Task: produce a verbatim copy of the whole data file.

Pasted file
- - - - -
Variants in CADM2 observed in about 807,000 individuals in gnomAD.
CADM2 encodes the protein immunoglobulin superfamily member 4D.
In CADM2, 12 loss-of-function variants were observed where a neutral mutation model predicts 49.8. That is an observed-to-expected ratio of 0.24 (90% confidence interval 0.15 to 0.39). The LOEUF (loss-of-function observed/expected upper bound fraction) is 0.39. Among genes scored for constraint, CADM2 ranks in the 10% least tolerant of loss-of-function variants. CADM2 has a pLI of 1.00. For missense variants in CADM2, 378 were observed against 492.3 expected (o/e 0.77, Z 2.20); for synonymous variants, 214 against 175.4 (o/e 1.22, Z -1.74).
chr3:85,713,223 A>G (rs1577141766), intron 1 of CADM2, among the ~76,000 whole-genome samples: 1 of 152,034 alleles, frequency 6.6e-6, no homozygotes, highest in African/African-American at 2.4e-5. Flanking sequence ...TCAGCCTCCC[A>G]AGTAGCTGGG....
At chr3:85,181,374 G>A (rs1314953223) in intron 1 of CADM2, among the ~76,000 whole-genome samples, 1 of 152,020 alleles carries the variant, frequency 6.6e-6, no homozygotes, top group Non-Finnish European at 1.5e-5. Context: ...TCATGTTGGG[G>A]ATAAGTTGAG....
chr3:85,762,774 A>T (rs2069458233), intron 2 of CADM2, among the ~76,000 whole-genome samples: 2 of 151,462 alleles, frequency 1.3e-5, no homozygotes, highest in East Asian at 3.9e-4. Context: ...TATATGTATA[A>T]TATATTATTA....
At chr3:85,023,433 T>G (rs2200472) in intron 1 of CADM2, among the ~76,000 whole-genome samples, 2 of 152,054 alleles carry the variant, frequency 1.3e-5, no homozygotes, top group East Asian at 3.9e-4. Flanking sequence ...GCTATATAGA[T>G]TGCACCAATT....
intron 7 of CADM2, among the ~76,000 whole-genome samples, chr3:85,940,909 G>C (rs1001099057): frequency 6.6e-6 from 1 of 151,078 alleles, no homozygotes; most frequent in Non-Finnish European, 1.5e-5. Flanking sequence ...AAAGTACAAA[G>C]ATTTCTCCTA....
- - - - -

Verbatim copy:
Variants in CADM2 observed in about 807,000 individuals in gnomAD.
CADM2 encodes the protein immunoglobulin superfamily member 4D.
In CADM2, 12 loss-of-function variants were observed where a neutral mutation model predicts 49.8. That is an observed-to-expected ratio of 0.24 (90% confidence interval 0.15 to 0.39). The LOEUF (loss-of-function observed/expected upper bound fraction) is 0.39. Among genes scored for constraint, CADM2 ranks in the 10% least tolerant of loss-of-function variants. CADM2 has a pLI of 1.00. For missense variants in CADM2, 378 were observed against 492.3 expected (o/e 0.77, Z 2.20); for synonymous variants, 214 against 175.4 (o/e 1.22, Z -1.74).
chr3:85,713,223 A>G (rs1577141766), intron 1 of CADM2, among the ~76,000 whole-genome samples: 1 of 152,034 alleles, frequency 6.6e-6, no homozygotes, highest in African/African-American at 2.4e-5. Flanking sequence ...TCAGCCTCCC[A>G]AGTAGCTGGG....
At chr3:85,181,374 G>A (rs1314953223) in intron 1 of CADM2, among the ~76,000 whole-genome samples, 1 of 152,020 alleles carries the variant, frequency 6.6e-6, no homozygotes, top group Non-Finnish European at 1.5e-5. Context: ...TCATGTTGGG[G>A]ATAAGTTGAG....
chr3:85,762,774 A>T (rs2069458233), intron 2 of CADM2, among the ~76,000 whole-genome samples: 2 of 151,462 alleles, frequency 1.3e-5, no homozygotes, highest in East Asian at 3.9e-4. Context: ...TATATGTATA[A>T]TATATTATTA....
At chr3:85,023,433 T>G (rs2200472) in intron 1 of CADM2, among the ~76,000 whole-genome samples, 2 of 152,054 alleles carry the variant, frequency 1.3e-5, no homozygotes, top group East Asian at 3.9e-4. Flanking sequence ...GCTATATAGA[T>G]TGCACCAATT....
intron 7 of CADM2, among the ~76,000 whole-genome samples, chr3:85,940,909 G>C (rs1001099057): frequency 6.6e-6 from 1 of 151,078 alleles, no homozygotes; most frequent in Non-Finnish European, 1.5e-5. Flanking sequence ...AAAGTACAAA[G>C]ATTTCTCCTA....